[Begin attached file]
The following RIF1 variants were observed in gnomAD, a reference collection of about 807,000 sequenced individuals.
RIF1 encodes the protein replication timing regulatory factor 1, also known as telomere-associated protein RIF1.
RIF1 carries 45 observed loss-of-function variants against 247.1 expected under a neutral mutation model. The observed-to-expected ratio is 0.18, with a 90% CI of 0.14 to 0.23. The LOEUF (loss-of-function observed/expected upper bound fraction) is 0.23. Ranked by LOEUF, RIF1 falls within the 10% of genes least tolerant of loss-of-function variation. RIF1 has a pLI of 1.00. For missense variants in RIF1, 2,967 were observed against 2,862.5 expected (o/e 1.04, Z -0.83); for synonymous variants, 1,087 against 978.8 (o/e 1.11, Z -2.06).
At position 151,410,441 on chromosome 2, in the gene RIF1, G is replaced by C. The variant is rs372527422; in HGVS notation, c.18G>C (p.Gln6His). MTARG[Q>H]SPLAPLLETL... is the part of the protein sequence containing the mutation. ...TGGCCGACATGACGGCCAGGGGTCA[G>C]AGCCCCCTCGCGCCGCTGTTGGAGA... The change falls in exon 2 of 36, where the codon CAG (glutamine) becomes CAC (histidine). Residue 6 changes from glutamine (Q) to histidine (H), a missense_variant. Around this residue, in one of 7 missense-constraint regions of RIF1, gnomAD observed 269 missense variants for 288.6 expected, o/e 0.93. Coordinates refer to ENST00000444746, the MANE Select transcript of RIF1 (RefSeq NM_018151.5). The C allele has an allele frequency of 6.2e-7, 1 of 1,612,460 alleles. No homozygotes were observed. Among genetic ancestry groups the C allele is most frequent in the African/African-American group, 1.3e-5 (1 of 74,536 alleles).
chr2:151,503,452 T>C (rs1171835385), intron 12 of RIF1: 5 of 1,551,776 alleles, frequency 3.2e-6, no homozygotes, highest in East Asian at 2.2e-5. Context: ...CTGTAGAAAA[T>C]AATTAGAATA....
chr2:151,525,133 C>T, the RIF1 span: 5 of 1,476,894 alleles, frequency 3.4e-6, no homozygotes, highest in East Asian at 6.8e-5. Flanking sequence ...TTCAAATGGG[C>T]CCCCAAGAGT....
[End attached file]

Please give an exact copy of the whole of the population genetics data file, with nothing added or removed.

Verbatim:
The following RIF1 variants were observed in gnomAD, a reference collection of about 807,000 sequenced individuals.
RIF1 encodes the protein replication timing regulatory factor 1, also known as telomere-associated protein RIF1.
RIF1 carries 45 observed loss-of-function variants against 247.1 expected under a neutral mutation model. The observed-to-expected ratio is 0.18, with a 90% CI of 0.14 to 0.23. The LOEUF (loss-of-function observed/expected upper bound fraction) is 0.23. Ranked by LOEUF, RIF1 falls within the 10% of genes least tolerant of loss-of-function variation. RIF1 has a pLI of 1.00. For missense variants in RIF1, 2,967 were observed against 2,862.5 expected (o/e 1.04, Z -0.83); for synonymous variants, 1,087 against 978.8 (o/e 1.11, Z -2.06).
At position 151,410,441 on chromosome 2, in the gene RIF1, G is replaced by C. The variant is rs372527422; in HGVS notation, c.18G>C (p.Gln6His). MTARG[Q>H]SPLAPLLETL... is the part of the protein sequence containing the mutation. ...TGGCCGACATGACGGCCAGGGGTCA[G>C]AGCCCCCTCGCGCCGCTGTTGGAGA... The change falls in exon 2 of 36, where the codon CAG (glutamine) becomes CAC (histidine). Residue 6 changes from glutamine (Q) to histidine (H), a missense_variant. Around this residue, in one of 7 missense-constraint regions of RIF1, gnomAD observed 269 missense variants for 288.6 expected, o/e 0.93. Coordinates refer to ENST00000444746, the MANE Select transcript of RIF1 (RefSeq NM_018151.5). The C allele has an allele frequency of 6.2e-7, 1 of 1,612,460 alleles. No homozygotes were observed. Among genetic ancestry groups the C allele is most frequent in the African/African-American group, 1.3e-5 (1 of 74,536 alleles).
chr2:151,503,452 T>C (rs1171835385), intron 12 of RIF1: 5 of 1,551,776 alleles, frequency 3.2e-6, no homozygotes, highest in East Asian at 2.2e-5. Context: ...CTGTAGAAAA[T>C]AATTAGAATA....
chr2:151,525,133 C>T, the RIF1 span: 5 of 1,476,894 alleles, frequency 3.4e-6, no homozygotes, highest in East Asian at 6.8e-5. Flanking sequence ...TTCAAATGGG[C>T]CCCCAAGAGT....